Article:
REICHARD: Hope and eternity. Now that’s an ending worth discussing! One question I have, as the mother of a formerly rambunctious little boy, who’s now grown up, do you have any suggestions for how to get reluctant readers to give it a try? 

WHITTEN: Hmmm. Well, some people may be skeptical about this, but it can help to let a reluctant reader watch a movie version first. That way they don’t have to create all the images in their head. To my mind, it’s like giving them training wheels to get them going.

REICHARD: I’d think for some people, that method works well. 

WHITTEN: One trick I learned from my father-in-law…try reading a few chapters of a gripping novel out loud. Then set the book down and walk away. Sometimes, a kid will be so compelled to find out what happened, she’ll pick up the book and finish it on her own.

You could check your local library for online Summer Reading prizes. Redeemed Reader.com is a Christian website that offers some Summer Reading resources. Personally, I like to reward kids while they read. Maybe include a special snack during reading time–a favorite piece of candy or popsicle. It helps make reading time itself the reward. 

REICHARD: Those are really good tips. And for you parents wondering if you’ll ever have kids that read? Don’t give up. I tried about everything to get my kids to read. It didn’t work for years. But I can say now that they are in their 20s, they are book readers. So take heart out there!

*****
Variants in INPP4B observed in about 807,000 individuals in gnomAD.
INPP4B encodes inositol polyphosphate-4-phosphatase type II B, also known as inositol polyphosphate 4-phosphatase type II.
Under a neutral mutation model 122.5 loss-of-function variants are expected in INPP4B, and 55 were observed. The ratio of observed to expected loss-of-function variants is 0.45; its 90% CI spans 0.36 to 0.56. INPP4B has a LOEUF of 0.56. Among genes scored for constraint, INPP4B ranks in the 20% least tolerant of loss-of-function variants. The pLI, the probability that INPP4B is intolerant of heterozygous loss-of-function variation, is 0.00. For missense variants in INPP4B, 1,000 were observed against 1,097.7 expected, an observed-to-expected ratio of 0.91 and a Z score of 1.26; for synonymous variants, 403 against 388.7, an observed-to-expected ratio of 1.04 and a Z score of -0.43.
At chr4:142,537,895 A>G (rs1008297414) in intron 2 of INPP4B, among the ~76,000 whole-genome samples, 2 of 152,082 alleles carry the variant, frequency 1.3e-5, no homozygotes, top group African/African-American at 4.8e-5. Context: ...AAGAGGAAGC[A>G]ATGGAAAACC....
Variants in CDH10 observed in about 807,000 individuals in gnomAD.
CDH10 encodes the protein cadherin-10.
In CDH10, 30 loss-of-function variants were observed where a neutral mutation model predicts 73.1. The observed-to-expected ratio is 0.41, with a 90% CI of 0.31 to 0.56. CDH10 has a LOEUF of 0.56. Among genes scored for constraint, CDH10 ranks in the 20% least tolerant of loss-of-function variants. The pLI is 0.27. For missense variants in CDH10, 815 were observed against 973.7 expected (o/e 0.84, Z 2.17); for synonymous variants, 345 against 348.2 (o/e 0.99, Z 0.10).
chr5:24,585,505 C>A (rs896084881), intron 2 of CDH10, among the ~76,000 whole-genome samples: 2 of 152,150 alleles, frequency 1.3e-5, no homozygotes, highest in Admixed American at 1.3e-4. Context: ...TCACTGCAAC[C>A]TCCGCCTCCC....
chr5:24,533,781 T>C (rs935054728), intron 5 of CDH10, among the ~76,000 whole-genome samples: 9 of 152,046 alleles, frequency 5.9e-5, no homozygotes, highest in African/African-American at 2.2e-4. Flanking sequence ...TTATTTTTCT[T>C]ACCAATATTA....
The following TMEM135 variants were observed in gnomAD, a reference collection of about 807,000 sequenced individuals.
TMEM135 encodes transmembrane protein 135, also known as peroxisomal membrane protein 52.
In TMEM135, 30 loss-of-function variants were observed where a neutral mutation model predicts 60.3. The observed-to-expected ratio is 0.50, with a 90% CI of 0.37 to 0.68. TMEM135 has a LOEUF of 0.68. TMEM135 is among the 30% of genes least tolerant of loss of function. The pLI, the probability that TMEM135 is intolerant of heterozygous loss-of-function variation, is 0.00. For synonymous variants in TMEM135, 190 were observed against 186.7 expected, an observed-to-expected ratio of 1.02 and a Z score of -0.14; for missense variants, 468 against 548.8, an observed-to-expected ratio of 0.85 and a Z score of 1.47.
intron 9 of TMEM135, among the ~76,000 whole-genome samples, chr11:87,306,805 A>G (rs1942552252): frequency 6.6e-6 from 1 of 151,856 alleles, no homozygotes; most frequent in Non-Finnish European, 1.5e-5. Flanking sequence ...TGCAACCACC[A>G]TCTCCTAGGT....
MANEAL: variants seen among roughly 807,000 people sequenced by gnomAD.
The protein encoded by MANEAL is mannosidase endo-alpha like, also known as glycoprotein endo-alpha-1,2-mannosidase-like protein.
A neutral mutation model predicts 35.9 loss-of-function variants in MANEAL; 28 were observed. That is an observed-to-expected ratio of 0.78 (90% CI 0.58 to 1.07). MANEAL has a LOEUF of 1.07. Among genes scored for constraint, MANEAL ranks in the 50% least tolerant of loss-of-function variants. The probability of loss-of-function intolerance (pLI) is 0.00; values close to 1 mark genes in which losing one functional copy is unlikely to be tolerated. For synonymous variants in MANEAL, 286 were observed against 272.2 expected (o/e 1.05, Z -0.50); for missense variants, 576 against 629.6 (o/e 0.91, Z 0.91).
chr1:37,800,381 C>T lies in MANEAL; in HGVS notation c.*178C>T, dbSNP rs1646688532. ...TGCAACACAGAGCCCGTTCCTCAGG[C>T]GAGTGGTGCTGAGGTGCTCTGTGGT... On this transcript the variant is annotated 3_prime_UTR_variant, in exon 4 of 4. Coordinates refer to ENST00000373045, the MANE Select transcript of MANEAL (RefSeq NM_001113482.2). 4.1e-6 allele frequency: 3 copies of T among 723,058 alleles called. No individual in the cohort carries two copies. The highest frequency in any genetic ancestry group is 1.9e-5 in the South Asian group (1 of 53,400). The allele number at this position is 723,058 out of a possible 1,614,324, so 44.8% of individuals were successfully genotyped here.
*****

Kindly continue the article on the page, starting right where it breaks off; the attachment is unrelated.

WHITTEN: That’s a good word, Mary. Thanks for saying that. I want parents to feel encouraged, during this time especially. 

REICHARD: I agree. Thanks for today’s book recommendation and that bit of advice, Emily. 

WHITTEN: You’re very welcome, Mary. Happy reading!

REICHARD: For June, Emily recommended Charlotte’s Web by E. B. White. She also mentioned White’s other books, Stuart Little and The Trumpet of the Swan. For more classic book ideas, just search for Classic Book of the Month at  worldandeverything.org.


(Photo/E.B. White)

WORLD Radio transcripts are created on a rush deadline. This text may not be in its final form and may be updated or revised in the future. Accuracy and availability may vary. The authoritative record of WORLD Radio programming is the audio record.